Society / Turquie
Different Identities, Similar Concerns
Cicek Tahaoglu - 02/04/2010
All the young people we have spoken to share the concerns of the 27-year-old Mehmet, who is a musician. However, they are all very different; Turkish, Kurdish, Armenian, veiled, homosexual, female, male, educated, uneducated, poor, rich. They don’t want adults to dictate their lives and they revolt against being considered as “the other.”
20% of Turkey’s total population of 72 millions, consists of young people aged between 20-29 years. Research shows that young people are more educated, more open-minded and more liberal compared to the former generations*. Most of the young people interviewed by bianet do not only criticize the injustice and oppression that they face themselves, but they are against all kinds of injustices.
Those without money cannot go to school
Although 80% of the young people manage to finish high school, the economic status of the family, geographical situation, and gender either facilitate or complicate access to education. In rural areas, only 17 of every 100 young women and only 23 of every 100 young men go to high school.
Ahmet is 27-years-old. He lives in Istanbul and sells stuffed mussels on the streets. He was born in the Kurdish province of Sirnak. For the last 13 years, he has been taking care of his family of 10, who live back in the village.
“Life in the village meant clashes and military operations,” says Ahmet. “I was 7 or 8 years-old when the security forces burnt down our village. That day, I came to Istanbul with whatever I was wearing. I couldn’t go to school. I don’t know how to read or write. I have earned my life as a street vendor. When I have enough money, I would like to go to school.”
University students complain about the repressive structure of schools, and the inadequacy of possibilities. 64% of them think that education that is based on memorization is boring and inadequate.
The headscarf obstacle
Headscarfs are banned in universities. Many veiled girls had to either drop out of school, or remove their headscarves.
“I could wear a headscarf at high school as my family had enough money to send me to a private school. I had to remove my headscarf to be able to study sociology at university. The four years I spent ‘open’ at university wore me out, and at the same time, they made me strong. From now on, nobody can really repress me.”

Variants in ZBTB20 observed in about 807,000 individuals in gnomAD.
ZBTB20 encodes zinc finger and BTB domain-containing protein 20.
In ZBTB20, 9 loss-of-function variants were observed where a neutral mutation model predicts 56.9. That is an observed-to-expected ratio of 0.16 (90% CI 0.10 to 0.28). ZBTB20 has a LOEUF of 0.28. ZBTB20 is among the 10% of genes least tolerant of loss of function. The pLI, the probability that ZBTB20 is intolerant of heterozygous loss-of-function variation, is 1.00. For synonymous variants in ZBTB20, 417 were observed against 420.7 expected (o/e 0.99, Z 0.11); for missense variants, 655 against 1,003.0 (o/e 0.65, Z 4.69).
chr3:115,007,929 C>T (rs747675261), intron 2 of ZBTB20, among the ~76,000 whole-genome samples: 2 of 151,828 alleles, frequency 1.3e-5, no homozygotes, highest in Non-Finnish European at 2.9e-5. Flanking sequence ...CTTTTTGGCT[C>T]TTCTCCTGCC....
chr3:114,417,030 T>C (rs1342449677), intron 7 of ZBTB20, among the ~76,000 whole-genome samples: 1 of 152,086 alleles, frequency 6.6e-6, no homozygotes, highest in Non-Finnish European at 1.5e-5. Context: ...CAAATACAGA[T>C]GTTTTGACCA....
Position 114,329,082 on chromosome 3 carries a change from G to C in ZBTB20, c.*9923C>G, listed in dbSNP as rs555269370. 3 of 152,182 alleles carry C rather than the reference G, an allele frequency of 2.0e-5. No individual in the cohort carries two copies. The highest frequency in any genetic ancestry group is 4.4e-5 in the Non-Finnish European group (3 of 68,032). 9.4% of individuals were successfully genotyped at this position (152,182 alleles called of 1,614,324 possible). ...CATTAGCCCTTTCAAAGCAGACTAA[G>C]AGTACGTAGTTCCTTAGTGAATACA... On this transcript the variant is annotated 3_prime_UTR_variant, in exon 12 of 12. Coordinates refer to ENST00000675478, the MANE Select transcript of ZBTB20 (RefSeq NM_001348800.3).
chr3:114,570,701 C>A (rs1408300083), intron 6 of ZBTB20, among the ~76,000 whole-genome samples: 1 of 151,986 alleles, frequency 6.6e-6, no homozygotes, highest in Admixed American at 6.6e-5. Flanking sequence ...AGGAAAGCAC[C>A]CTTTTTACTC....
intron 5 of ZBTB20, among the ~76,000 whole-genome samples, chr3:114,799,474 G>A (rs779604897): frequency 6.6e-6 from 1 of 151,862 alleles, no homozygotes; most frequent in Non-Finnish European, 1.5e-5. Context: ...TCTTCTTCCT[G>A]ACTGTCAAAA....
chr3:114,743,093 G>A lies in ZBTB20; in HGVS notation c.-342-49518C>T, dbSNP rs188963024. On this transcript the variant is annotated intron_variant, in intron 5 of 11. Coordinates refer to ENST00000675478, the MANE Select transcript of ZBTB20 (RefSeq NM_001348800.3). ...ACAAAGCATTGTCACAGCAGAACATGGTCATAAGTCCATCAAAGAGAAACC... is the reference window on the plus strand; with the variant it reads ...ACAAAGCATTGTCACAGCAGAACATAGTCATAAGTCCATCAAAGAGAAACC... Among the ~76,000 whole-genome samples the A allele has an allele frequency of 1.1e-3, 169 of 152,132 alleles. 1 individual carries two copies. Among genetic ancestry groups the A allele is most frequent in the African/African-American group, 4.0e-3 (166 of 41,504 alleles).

Hatice still feels lucky because in Turkey, 32.2% of the young veiled women say that their education rights have been hindered, 29.6% say that they cannot find a job in the private sector, and 20.4% say that they cannot work in the public sector.
Dealing with homophobia is really hard
Berk is 24 years old. He is studying for his masters degree to avoid military service. He wants to settle in a country, where he would be able to live freely as an homosexual, because it is not easy to live in a homophobic society.
“My family is modern, but they do not accept my homosexuality. The degrading of homosexuality in Turkey is directly linked to the insufficiency of women’s rights. The same society that looks down on women, does not accept homosexuals as they are considered as being feminine. It is even more difficult for lesbians. In a society dominated by men, a woman cannot be with another woman.”
Berk is interested in Sufism. He is furious because even his therapist considers homosexuality as a disease: “They don’t believe that Allah could have made such a ‘mistake.’ However, I am at peace with God, because I believe that God created also homosexuals.”
Different common injustices
Nation-state policies, the strengthening of military domination and the rise of nationalistic feelings are threatening different identities. Young people in their 20s, who were born after the 1980 military coup, cannot give sense to what’s going on in the country.
Hatice cannot understand the headscarf ban, Ahmet cannot understand why the Kurdish problem is still unsolved, and Berk cannot understand homophobia.